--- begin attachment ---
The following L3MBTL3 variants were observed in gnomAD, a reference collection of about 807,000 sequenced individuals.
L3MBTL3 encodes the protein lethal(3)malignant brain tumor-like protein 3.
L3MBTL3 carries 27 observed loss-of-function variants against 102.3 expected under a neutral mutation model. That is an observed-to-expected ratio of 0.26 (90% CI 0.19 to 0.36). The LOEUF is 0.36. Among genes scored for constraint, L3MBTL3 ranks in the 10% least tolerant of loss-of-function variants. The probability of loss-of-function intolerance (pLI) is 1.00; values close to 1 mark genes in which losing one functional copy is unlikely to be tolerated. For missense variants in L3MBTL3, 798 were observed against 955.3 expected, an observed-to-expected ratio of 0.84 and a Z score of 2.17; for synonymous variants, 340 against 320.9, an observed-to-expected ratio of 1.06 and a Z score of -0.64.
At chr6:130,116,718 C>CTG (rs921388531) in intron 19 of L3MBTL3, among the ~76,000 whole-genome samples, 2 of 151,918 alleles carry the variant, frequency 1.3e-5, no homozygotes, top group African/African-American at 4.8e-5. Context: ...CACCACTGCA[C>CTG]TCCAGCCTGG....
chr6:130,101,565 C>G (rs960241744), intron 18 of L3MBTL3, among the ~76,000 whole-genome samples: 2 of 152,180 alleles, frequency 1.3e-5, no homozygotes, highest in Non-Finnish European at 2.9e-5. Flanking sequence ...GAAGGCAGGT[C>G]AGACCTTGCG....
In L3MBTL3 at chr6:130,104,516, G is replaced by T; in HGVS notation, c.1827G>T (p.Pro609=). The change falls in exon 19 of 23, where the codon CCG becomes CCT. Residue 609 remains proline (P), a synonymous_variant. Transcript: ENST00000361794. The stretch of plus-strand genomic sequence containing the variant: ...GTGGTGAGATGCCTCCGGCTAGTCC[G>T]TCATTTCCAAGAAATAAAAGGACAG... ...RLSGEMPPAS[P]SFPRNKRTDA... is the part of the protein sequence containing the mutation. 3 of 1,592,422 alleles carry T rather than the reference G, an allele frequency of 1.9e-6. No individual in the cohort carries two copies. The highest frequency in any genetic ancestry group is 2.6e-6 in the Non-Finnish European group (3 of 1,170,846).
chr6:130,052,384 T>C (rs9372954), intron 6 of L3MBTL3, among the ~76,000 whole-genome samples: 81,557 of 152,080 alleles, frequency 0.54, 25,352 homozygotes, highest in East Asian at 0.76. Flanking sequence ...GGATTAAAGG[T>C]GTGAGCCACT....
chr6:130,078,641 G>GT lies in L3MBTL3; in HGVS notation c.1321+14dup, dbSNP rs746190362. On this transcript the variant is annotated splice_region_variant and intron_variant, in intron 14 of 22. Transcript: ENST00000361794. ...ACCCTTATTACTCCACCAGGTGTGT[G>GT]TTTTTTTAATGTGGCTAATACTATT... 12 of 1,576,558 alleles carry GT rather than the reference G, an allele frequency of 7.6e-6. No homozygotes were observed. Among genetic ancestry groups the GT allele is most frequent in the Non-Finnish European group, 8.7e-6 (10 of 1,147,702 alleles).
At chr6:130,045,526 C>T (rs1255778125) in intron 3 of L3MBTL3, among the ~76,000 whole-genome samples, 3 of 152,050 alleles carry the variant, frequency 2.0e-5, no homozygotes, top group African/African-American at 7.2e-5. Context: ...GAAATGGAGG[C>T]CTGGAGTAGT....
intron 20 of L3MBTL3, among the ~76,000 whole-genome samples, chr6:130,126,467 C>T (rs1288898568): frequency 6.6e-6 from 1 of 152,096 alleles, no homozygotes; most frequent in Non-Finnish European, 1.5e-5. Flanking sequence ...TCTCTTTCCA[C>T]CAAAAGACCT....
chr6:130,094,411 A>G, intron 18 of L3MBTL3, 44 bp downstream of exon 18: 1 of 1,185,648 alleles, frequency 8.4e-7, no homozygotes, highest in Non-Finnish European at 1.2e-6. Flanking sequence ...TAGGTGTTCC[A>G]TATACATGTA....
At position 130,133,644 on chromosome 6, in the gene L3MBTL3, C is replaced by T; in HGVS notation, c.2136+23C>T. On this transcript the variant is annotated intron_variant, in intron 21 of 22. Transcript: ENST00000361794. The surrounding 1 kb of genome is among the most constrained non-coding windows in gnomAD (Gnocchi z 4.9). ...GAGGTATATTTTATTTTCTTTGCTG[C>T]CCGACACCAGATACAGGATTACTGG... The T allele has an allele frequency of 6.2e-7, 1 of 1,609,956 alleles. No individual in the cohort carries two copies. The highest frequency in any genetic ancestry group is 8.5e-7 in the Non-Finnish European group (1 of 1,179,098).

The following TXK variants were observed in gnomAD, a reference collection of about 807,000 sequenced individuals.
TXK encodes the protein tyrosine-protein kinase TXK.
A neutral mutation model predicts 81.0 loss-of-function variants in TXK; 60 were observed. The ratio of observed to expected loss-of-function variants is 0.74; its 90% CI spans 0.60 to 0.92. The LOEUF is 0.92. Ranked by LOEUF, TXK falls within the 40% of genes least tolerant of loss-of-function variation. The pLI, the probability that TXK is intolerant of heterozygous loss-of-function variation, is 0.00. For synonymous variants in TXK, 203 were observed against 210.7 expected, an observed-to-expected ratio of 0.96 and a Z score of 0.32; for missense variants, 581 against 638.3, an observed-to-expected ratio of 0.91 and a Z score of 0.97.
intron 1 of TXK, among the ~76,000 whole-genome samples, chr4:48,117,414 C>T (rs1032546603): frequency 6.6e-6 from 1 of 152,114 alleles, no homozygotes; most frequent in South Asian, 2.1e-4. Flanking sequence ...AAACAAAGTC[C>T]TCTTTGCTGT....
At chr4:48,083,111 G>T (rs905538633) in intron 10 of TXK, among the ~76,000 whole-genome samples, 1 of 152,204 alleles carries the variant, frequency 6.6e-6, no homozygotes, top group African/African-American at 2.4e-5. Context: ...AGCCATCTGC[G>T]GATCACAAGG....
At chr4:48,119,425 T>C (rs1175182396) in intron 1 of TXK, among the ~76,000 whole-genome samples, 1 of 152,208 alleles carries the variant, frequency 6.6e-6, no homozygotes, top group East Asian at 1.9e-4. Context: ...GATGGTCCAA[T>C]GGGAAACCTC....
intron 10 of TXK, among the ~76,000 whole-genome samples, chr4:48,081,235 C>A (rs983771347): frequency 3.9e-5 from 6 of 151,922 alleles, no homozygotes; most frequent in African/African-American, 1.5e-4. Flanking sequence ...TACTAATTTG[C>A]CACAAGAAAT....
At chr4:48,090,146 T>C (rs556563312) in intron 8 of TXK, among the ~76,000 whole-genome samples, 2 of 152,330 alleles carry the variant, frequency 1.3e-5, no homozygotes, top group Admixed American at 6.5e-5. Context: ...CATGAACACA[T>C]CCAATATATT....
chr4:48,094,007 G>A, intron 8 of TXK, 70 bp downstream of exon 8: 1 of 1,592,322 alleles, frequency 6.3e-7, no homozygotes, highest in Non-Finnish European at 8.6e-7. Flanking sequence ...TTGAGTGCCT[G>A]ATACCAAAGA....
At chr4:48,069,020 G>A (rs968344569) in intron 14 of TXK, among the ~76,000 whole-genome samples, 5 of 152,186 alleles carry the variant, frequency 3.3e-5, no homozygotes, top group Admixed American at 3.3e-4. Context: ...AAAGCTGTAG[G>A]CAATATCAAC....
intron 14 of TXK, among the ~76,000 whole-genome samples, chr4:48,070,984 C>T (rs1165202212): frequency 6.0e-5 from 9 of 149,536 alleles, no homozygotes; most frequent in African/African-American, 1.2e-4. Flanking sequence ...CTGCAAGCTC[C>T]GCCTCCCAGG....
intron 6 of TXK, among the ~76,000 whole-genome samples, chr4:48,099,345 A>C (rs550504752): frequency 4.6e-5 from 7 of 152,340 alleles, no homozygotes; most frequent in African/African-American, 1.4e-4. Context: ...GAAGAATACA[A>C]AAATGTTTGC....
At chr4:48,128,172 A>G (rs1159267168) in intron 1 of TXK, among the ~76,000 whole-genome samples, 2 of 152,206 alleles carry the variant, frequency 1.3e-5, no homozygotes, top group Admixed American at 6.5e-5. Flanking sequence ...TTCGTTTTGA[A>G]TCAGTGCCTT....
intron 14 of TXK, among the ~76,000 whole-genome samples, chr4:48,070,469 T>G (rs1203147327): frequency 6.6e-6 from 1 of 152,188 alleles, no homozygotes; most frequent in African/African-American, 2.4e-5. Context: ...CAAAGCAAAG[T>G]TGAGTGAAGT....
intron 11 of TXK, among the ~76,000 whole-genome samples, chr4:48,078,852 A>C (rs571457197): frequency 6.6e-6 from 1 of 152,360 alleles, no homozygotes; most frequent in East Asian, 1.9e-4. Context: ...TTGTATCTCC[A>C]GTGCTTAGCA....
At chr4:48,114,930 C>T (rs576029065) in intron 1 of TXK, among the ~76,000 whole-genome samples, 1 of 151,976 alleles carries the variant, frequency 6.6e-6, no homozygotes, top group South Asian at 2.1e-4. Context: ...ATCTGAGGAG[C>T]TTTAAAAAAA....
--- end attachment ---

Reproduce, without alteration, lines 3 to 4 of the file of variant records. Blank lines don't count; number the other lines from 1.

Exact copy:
L3MBTL3 carries 27 observed loss-of-function variants against 102.3 expected under a neutral mutation model. That is an observed-to-expected ratio of 0.26 (90% CI 0.19 to 0.36). The LOEUF is 0.36. Among genes scored for constraint, L3MBTL3 ranks in the 10% least tolerant of loss-of-function variants. The probability of loss-of-function intolerance (pLI) is 1.00; values close to 1 mark genes in which losing one functional copy is unlikely to be tolerated. For missense variants in L3MBTL3, 798 were observed against 955.3 expected, an observed-to-expected ratio of 0.84 and a Z score of 2.17; for synonymous variants, 340 against 320.9, an observed-to-expected ratio of 1.06 and a Z score of -0.64.
At chr6:130,116,718 C>CTG (rs921388531) in intron 19 of L3MBTL3, among the ~76,000 whole-genome samples, 2 of 151,918 alleles carry the variant, frequency 1.3e-5, no homozygotes, top group African/African-American at 4.8e-5. Context: ...CACCACTGCA[C>CTG]TCCAGCCTGG....